The success of Denny Hamlin and crew chief Chris Gabehart is far from new at this point.
The duo’s victory at Kansas Speedway on Thursday (July 23) marked their fifth of 2020 and 11th since partnering at the beginning of the 2019 season. To see Hamlin at the front of the field anymore is like seeing the grass is green – you expect it by now.
But just because the No. 11 Toyota team is making its winning ways appear normal doesn’t mean they are. What this pairing has accomplished in only 52 races together is astounding. And that 52-race total doesn’t include the four races Gabehart was suspended this spring but does include Gabehart’s 2017 debut when filling in for Michael Wheeler when Hamlin finished fifth at Richmond.
Both parties deserve credit for the statistics they’re posting together.
Hamlin and Gabehart have won 11 races or 21.2% of their 52 races. In other words, they’re winning better than one out of every five races. Perhaps more impressively, they have not been hindered by a particular track type, nor does a particular track type favor them. The team has collected wins at all different tracks except a road course: one victory at a short track (Bristol 2, 2019), one at a 1-mile track (Phoenix 2, 2019), five at intermediate tracks and four at tracks larger than two miles, including two Daytona 500s. In their three road-course races together last season, Hamlin finished fifth at Sonoma Raceway, third at Watkins Glen International, and 19th at the Charlotte Motor Speedway ROVAL.
Versatility like that is what drivers and teams strive for week in and week out. And with the exception of Kevin Harvick and crew chief Rodney Childers, no other team has managed to match the bar of success the No. 11 Joe Gibbs Racing team has set in 2020.
“I think it really boils down to trust,” Hamlin said. “I do my job, he does his. I don’t venture into his department, he doesn’t really venture into mine. He knows I’ve been doing this long enough when I give him the information I need to make my car faster, he just goes to work on it. He doesn’t try to change how I’m driving to adapt to maybe what someone else is doing.
“He works on the car to get it where I need it. That relationship really works well. We’re building a notebook. That notebook is getting thicker and thicker. The knowledge is getting greater and greater. That’s why you’re seeing the results you’re seeing.”
Gabehart provides Hamlin with exceptional vehicles fit to the driver’s capabilities, another key component as the pair establishes itself as an enormous threat for a title run.
“I think it’s, in general, attention to detail, I guess is the best way to say it,” Gabehart said. “I’m very much a person that, like so many of these guys we race against, I just try to get all the water out of the rag every week, whether it’s setup or pit strategy, working with my guys, getting Denny’s frame of mind where it needs to be for what the game plan is for that weekend.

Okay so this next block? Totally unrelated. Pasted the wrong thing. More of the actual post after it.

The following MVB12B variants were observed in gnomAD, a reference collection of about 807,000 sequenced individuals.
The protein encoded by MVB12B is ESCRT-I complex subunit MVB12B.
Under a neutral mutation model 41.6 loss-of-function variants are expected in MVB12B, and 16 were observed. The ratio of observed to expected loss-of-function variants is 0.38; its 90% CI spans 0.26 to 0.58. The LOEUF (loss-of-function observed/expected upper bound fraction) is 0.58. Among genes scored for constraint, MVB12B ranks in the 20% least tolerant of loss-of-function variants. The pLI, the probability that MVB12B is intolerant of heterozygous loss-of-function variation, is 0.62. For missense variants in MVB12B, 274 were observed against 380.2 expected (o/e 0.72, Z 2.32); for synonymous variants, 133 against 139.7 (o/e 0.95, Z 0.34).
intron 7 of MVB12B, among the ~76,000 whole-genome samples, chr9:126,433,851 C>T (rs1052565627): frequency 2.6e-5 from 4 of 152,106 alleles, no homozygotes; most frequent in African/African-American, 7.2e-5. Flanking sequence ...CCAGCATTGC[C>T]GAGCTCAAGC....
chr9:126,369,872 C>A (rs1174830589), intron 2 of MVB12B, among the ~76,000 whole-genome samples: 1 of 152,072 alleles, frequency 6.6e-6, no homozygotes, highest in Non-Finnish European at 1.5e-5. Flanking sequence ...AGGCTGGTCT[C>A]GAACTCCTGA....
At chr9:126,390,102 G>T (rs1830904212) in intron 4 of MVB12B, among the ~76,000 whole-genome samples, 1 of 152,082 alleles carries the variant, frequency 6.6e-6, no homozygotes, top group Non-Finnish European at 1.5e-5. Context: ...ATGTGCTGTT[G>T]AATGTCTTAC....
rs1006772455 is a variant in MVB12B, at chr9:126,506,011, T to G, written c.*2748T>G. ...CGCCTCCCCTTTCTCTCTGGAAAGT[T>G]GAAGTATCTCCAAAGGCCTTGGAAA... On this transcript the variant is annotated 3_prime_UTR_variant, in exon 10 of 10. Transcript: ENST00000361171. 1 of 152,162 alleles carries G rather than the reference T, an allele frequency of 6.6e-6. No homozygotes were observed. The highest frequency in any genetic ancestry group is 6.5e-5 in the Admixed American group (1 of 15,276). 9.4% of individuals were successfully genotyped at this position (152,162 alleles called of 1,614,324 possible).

“He’s very much the same. He’s very methodical. He tells you, right? He tells you he’s thinking at the very top of his game right now. I think that’s always been one of his strengths. I think you put those two things together, I think we get a lot of the details right. We certainly don’t get them all right – nobody does – but I think we work hard to get a lot of the details right.”
The numbers are astounding. While wins always take precedent, Hamlin’s average finish since the start of 2019 is 10.3, a stat bettered only by Harvick’s 8.25. The FedEx crew has also garnered 35 top-10 finishes in that time frame, 29 of those resulting in top fives.
Hamlin and Gabehart have only been on track together for the past 17 months. To say they are an all-time duo yet feels premature.
Gabehart refuses to be put in the same category as the pairing of Jimmie Johnson and Chad Knaus, reasonably so considering the absurd consistency and dominance the No. 48 Hendrick Motorsports team flexed for a decade and a half.
“Let me be very blunt. I think Chad Knaus and Jimmie Johnson are the two greatest ever to get it done, period,” Gabehart said. “Write it down, that’s my opinion. Doesn’t mean anything more than the piece of paper you’re writing it on, but I think they’re the two greatest ever to get it done.
“The reason is sustainability. The years upon years upon years upon years that they did it, it’s hard to burn the candle that hot for that long. Bar none, I would never put myself in that category. That’s not for me to do. I’m really embarrassed to even be talking about it to be honest with you.”
If Knaus and Johnson are the bar, and a couple other pairings like Ray Evernham and Jeff Gordon as well as Dale Inman and Richard Petty are in that tier, Gabehart conceded his sights are set at the longevity of what some of his modern-day peers have strung together throughout the past six years.
“I look at Rodney and Kevin, they’ve had lots of sustainability,” Gabehart said. “Adam (Stevens) and Kyle (Busch) have had years of success together. I think for us, again, all I can say is it’s about the process. Right now the 11 team, we have that figured out to where if we execute to our ability every week we’re going to have a shot to win. Hopefully, that doesn’t change any time soon.”
Sure, we haven’t even seen Hamlin and Gabehart complete two seasons together. But is it really too early to think they could be one of the all-time great duos as a driver/crew chief combination?
“Statistics would say that we are so far,” Hamlin said. “I would like to keep it going for many, many years past just these last two. Yeah, we’ve got something special going for sure. We don’t want to mess it up.”
About the author
Pocono Raceway is his home track and he's been attending races there since 2002. A fan since he was three years old, Zach is living out a dream covering racing, including past coverage of ARCA and IndyCar.
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